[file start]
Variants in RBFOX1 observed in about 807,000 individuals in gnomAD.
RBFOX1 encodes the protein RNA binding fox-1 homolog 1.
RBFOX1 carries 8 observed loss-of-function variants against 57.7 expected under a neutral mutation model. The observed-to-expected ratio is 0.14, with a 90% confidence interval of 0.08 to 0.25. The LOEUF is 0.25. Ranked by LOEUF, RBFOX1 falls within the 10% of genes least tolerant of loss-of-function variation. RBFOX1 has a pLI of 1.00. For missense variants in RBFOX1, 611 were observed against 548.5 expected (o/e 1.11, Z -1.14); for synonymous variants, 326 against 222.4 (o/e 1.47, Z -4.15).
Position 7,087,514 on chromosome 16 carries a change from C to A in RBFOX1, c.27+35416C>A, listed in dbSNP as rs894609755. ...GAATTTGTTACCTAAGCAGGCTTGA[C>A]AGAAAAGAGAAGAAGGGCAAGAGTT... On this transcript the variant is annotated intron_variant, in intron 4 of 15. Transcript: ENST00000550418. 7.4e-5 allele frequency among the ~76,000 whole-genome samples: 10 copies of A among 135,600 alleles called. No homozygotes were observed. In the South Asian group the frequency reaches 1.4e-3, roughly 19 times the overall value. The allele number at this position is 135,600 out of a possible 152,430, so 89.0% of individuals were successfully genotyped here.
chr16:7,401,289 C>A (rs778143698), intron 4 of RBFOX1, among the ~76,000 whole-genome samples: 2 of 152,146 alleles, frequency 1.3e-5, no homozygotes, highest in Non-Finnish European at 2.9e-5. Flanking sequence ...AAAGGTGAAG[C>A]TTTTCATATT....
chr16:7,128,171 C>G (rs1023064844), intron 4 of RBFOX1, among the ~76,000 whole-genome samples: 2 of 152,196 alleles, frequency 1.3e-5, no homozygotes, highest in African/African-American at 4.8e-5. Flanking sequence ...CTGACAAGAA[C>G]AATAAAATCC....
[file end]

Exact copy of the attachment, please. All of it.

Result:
Variants in RBFOX1 observed in about 807,000 individuals in gnomAD.
RBFOX1 encodes the protein RNA binding fox-1 homolog 1.
RBFOX1 carries 8 observed loss-of-function variants against 57.7 expected under a neutral mutation model. The observed-to-expected ratio is 0.14, with a 90% confidence interval of 0.08 to 0.25. The LOEUF is 0.25. Ranked by LOEUF, RBFOX1 falls within the 10% of genes least tolerant of loss-of-function variation. RBFOX1 has a pLI of 1.00. For missense variants in RBFOX1, 611 were observed against 548.5 expected (o/e 1.11, Z -1.14); for synonymous variants, 326 against 222.4 (o/e 1.47, Z -4.15).
Position 7,087,514 on chromosome 16 carries a change from C to A in RBFOX1, c.27+35416C>A, listed in dbSNP as rs894609755. ...GAATTTGTTACCTAAGCAGGCTTGA[C>A]AGAAAAGAGAAGAAGGGCAAGAGTT... On this transcript the variant is annotated intron_variant, in intron 4 of 15. Transcript: ENST00000550418. 7.4e-5 allele frequency among the ~76,000 whole-genome samples: 10 copies of A among 135,600 alleles called. No homozygotes were observed. In the South Asian group the frequency reaches 1.4e-3, roughly 19 times the overall value. The allele number at this position is 135,600 out of a possible 152,430, so 89.0% of individuals were successfully genotyped here.
chr16:7,401,289 C>A (rs778143698), intron 4 of RBFOX1, among the ~76,000 whole-genome samples: 2 of 152,146 alleles, frequency 1.3e-5, no homozygotes, highest in Non-Finnish European at 2.9e-5. Flanking sequence ...AAAGGTGAAG[C>A]TTTTCATATT....
chr16:7,128,171 C>G (rs1023064844), intron 4 of RBFOX1, among the ~76,000 whole-genome samples: 2 of 152,196 alleles, frequency 1.3e-5, no homozygotes, highest in African/African-American at 4.8e-5. Flanking sequence ...CTGACAAGAA[C>G]AATAAAATCC....